Results: A zero-inflated negative binomial regression analysis revealed that increased ADHD symptoms, higher gambling frequency, and higher age were associated with lower odds for being non-susceptible to gambling problems. Moreover, gambling frequency interacted with ADHD symptoms in predicting probability of being non-susceptible to gambling problems. However, when analysing those already susceptible to problem gambling, ADHD symptoms did not modify the effect of gambling frequency on the expected magnitude of gambling problems. In susceptible individuals, problem gambling increased with both increased ADHD symptoms and increased gambling frequency, but the level of problems due to gambling frequency did not change depending on the ADHD symptom level. There was an interaction effect between sex and gambling frequency in relation to gambling problems.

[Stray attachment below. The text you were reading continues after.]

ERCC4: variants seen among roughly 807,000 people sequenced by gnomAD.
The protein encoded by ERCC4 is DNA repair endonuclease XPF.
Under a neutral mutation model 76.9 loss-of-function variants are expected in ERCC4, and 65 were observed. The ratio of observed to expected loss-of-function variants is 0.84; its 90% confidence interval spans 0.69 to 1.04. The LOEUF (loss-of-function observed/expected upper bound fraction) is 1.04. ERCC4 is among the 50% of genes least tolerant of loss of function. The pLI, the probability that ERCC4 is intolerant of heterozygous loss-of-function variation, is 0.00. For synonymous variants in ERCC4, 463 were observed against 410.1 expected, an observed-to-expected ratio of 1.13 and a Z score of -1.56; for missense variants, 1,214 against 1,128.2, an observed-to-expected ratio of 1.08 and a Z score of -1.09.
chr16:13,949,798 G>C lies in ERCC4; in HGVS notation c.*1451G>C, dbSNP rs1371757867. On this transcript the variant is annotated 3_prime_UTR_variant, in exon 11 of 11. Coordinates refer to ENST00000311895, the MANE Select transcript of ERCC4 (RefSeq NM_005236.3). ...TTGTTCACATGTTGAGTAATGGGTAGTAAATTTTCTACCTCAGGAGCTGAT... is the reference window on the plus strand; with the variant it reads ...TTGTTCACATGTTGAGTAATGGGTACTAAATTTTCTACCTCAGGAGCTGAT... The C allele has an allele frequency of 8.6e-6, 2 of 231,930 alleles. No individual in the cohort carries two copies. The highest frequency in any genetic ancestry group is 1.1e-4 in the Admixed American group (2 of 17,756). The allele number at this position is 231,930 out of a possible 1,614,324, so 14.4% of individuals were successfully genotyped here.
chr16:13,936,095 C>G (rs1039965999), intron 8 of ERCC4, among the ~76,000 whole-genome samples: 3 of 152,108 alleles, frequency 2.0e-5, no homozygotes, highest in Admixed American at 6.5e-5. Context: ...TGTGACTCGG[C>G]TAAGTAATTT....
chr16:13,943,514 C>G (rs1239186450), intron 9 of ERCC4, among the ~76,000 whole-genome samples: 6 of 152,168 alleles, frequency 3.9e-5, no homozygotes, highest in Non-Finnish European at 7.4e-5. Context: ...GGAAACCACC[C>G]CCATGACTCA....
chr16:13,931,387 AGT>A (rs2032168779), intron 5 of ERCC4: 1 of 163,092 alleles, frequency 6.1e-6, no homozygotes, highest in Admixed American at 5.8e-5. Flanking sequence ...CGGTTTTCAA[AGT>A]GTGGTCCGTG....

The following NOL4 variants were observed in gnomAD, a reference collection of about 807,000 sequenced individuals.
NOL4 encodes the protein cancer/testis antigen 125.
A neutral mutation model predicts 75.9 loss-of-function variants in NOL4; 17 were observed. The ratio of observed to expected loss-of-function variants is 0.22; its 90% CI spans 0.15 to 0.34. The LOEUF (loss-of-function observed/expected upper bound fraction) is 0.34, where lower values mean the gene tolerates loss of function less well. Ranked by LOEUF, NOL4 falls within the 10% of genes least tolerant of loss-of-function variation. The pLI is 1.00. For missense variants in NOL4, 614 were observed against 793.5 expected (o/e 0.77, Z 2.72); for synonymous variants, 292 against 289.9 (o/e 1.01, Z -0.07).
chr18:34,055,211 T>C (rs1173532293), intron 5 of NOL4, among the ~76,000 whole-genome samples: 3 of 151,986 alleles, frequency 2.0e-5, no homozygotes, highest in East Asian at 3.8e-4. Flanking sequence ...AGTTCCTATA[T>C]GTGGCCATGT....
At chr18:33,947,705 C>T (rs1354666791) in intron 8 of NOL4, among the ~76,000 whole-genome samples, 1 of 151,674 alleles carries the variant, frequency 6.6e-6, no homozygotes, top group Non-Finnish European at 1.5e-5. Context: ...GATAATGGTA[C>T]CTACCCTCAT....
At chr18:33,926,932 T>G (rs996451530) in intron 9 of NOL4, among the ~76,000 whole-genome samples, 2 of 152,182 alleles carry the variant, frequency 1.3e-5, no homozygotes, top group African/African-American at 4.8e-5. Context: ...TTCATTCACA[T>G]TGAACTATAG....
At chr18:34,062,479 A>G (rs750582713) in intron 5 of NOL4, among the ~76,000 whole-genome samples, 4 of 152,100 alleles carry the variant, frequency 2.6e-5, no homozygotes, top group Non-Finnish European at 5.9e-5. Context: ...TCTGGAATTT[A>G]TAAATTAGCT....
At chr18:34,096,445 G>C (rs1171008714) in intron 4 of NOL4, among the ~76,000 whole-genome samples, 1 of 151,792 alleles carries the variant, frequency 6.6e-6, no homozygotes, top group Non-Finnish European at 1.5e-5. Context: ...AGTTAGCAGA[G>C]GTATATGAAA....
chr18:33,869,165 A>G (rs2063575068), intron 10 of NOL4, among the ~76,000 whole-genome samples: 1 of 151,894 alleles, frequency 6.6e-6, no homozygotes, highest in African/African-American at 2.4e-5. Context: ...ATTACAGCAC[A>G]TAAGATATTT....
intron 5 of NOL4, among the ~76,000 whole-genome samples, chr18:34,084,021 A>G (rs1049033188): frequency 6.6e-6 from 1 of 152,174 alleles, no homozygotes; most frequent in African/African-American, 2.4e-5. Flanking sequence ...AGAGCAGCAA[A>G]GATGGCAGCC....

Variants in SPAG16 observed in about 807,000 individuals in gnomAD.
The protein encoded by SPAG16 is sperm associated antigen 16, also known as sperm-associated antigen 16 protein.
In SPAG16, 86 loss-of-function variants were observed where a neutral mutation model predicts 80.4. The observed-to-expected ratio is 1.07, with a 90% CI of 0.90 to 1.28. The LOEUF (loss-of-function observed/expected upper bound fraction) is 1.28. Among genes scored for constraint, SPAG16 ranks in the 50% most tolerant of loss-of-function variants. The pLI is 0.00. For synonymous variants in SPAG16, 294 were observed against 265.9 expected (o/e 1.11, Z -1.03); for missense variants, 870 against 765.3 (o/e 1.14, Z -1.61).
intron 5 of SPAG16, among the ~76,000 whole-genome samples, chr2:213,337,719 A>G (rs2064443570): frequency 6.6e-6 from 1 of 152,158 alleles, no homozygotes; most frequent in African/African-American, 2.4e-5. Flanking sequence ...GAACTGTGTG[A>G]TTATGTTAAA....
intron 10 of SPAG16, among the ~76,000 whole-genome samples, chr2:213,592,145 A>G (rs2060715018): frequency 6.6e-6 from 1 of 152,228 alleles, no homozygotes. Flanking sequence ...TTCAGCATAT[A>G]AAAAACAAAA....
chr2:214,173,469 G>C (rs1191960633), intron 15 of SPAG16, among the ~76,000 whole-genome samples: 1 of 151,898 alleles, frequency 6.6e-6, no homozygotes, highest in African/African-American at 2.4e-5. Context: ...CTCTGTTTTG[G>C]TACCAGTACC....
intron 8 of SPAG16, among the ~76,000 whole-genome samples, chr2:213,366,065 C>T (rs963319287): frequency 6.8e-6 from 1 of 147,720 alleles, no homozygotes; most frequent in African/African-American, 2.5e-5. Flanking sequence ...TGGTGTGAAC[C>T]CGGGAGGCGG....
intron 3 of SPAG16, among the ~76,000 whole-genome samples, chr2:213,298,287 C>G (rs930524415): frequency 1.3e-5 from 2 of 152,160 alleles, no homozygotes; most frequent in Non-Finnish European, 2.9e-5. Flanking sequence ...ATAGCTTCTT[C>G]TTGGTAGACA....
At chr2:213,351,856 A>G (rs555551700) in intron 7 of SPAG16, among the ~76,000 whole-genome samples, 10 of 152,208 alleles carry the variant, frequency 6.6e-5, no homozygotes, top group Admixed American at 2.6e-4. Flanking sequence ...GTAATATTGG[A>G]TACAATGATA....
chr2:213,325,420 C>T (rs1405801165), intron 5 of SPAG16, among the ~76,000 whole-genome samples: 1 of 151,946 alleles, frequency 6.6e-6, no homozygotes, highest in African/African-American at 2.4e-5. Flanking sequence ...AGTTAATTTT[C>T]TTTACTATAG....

Conclusions: Adolescents with ADHD symptoms seem to be more sensitive to gambling, in terms of being susceptible to developing gambling problems. However, once susceptible, adolescents with ADHD symptoms are affected by gambling frequency similarly to other susceptible participants.

Keywords
Adolescent, attention-deficit hyperactivity disorder symptoms, gambling, problem gambling, Problem Gambling Severity Index
National Category
Medical and Health Sciences Public Health, Global Health, Social Medicine and Epidemiology
Research subject
Family Medicine
Identifiers
urn:nbn:se:uu:diva-261154 (URN)10.1080/03009734.2017.1294636 (DOI)000401756500008 ()28436719 (PubMedID)
Available from: 2015-08-31 Created: 2015-08-31 Last updated: 2018-09-14Bibliographically approved
Organisations
Identifiers
ORCID iD: ORCID iD iconorcid.org/0000-0003-1433-0329